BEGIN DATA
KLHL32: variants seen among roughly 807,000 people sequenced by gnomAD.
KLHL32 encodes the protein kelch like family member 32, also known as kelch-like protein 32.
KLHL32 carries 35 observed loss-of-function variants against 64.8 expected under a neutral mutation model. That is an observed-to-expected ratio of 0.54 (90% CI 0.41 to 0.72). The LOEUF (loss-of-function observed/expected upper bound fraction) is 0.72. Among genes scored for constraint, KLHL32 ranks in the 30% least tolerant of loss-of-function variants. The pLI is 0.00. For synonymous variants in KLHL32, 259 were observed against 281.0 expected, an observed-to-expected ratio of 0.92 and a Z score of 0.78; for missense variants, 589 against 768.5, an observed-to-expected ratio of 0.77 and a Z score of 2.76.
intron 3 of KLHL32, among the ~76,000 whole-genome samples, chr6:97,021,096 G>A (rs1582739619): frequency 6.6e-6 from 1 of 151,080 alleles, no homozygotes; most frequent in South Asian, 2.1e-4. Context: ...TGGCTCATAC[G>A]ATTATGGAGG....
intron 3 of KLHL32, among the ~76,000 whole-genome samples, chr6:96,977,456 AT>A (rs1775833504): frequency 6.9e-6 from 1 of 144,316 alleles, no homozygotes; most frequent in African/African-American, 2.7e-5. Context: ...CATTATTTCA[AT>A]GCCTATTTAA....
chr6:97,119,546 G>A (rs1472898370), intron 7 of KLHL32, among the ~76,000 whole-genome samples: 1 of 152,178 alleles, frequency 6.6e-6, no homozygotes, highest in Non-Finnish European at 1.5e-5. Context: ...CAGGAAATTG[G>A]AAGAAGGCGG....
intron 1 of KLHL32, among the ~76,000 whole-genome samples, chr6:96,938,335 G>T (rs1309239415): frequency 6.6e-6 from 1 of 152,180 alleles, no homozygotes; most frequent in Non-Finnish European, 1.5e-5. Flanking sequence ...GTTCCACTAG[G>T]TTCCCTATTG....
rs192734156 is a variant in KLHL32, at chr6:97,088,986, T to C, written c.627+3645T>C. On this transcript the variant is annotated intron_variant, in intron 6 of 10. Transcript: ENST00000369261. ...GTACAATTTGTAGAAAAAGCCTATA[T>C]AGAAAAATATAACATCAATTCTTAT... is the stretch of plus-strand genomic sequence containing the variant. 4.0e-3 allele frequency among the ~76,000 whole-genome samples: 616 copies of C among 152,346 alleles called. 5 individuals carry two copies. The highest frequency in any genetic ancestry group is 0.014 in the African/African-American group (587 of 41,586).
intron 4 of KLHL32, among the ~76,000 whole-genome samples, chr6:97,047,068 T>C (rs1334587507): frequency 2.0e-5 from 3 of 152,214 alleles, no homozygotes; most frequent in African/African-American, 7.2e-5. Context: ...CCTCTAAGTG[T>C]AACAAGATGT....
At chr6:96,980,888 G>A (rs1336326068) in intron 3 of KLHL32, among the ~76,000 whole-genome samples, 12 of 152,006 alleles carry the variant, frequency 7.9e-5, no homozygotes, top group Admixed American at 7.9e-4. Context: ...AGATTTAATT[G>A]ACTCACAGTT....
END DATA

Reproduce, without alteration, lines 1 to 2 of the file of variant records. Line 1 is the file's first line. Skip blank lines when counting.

KLHL32: variants seen among roughly 807,000 people sequenced by gnomAD.
KLHL32 encodes the protein kelch like family member 32, also known as kelch-like protein 32.